WASHINGTON— The government in Beijing is reported to be tightening controls in parts of Tibet where residents have set themselves on fire to protest Chinese rule. Nearly a hundred self-immolations have been reported in a wave that began in 2009, and most are said to have ended in death. Tibetan activists outside the region are seeking to draw attention to the plight of their people.
A group of Tibetan activists recently went door to door at the offices of U.S congressmen. They were rounding up signatures for a petition about the self-immolations in Tibet.
"We're actually here to ask Congress members to sign a letter that was headed by Congress members Wolf and McGovern to be sent to Barack Obama about what's been happening inside of Tibet," said Dadon Ngodup, who was born in India and has never known the land of her parents.
Fighting authoritarian rule
As an amateur cell phone video shows, young people have been setting themselves on fire in the streets of Tibet with hundreds of monks turning out for a funeral of one of their own. Kirti monastry is said to be the focal point of the movement.
These activists in Washington say Tibetans are despairing after more than 60 years of Chinese occupation.
"Honestly for me it's no longer about, 'We want a free Tibet, We want a free Tibet.' We're just talking about human lives that are being burned because they feel like they can't do anything else," said Ngodup.
Respect and sacrifice
One of Buddhism's key teachings is one must not kill any living being. The exiled spiritual leader of Tibetan Buddhism, the Dalai Lama, preaches non-violence.
But Buddhism also includes the ideal of the Bodhisattvas - who sacrifice their own salvation for the greater good.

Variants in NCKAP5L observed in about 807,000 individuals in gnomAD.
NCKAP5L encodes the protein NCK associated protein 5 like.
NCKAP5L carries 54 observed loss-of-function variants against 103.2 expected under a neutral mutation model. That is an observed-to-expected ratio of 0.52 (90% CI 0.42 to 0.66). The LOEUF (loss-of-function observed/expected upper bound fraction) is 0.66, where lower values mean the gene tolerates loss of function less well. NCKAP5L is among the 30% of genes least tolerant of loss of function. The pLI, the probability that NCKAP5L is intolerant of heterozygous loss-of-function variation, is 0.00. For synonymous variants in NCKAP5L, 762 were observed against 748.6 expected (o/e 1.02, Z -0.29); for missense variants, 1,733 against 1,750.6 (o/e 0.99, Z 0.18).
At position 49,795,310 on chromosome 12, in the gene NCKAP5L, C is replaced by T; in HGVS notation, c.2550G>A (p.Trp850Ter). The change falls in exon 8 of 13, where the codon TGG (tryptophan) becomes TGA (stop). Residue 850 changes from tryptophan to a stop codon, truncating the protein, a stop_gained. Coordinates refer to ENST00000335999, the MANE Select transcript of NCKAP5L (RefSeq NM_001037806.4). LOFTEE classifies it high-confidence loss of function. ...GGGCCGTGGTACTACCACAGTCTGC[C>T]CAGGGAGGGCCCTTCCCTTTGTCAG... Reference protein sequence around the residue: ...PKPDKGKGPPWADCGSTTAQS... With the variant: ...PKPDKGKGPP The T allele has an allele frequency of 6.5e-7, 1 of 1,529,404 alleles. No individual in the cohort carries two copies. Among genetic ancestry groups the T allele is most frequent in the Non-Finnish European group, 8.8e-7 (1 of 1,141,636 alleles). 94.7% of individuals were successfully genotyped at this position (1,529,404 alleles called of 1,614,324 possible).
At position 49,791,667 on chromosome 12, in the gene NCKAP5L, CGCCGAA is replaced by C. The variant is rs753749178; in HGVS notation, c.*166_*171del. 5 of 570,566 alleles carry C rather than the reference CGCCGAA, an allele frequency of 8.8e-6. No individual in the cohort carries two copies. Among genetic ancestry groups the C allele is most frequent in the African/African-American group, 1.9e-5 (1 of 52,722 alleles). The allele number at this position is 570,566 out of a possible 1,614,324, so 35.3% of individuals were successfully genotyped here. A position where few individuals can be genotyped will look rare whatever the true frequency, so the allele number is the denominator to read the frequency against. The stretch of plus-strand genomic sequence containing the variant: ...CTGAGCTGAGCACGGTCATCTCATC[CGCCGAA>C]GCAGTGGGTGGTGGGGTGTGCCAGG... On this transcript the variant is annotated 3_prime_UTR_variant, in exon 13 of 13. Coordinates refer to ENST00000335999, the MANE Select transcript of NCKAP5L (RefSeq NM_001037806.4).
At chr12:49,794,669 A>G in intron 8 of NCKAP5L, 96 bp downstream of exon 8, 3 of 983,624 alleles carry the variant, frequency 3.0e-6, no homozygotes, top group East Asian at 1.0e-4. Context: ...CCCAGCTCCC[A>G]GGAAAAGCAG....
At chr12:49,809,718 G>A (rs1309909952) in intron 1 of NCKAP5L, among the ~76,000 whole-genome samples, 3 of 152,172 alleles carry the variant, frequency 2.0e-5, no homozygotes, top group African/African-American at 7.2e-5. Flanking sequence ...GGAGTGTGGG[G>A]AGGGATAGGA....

Tenzin Dorjee is with the International Tibet Network.
"When Tibetans look at the self-immolations, the way we see this is as an act of compassion, as an act of altruism. And every single Tibetan who has done this has not harmed a single other human being in the process," said Dorjee.
The Obama administration has said it believes the self-immolations have been exacerbated by tough Chinese policies in the region.
China has regularly made strong shows of force, and images of the Dalai Lama are banned. And that's who Beijing blames for the immolations.
"Maiming and destroying human life in order to reach a Tibetan independence separatist political goal will never succeed," said Hong Lei, a spokesman for China's foreign ministry.
State television recently showed an interview with a suspect who allegedly confessed to promising immolators they will become heroes abroad. Which they have, most certainly, for these activists.
Their vigil continues with a peace prayer as night falls at the White House.
The unprecedented wave of immolations is increasing international attention toward Tibet. These activists are hoping it will lead the Obama administration to increase pressure on the Chinese government.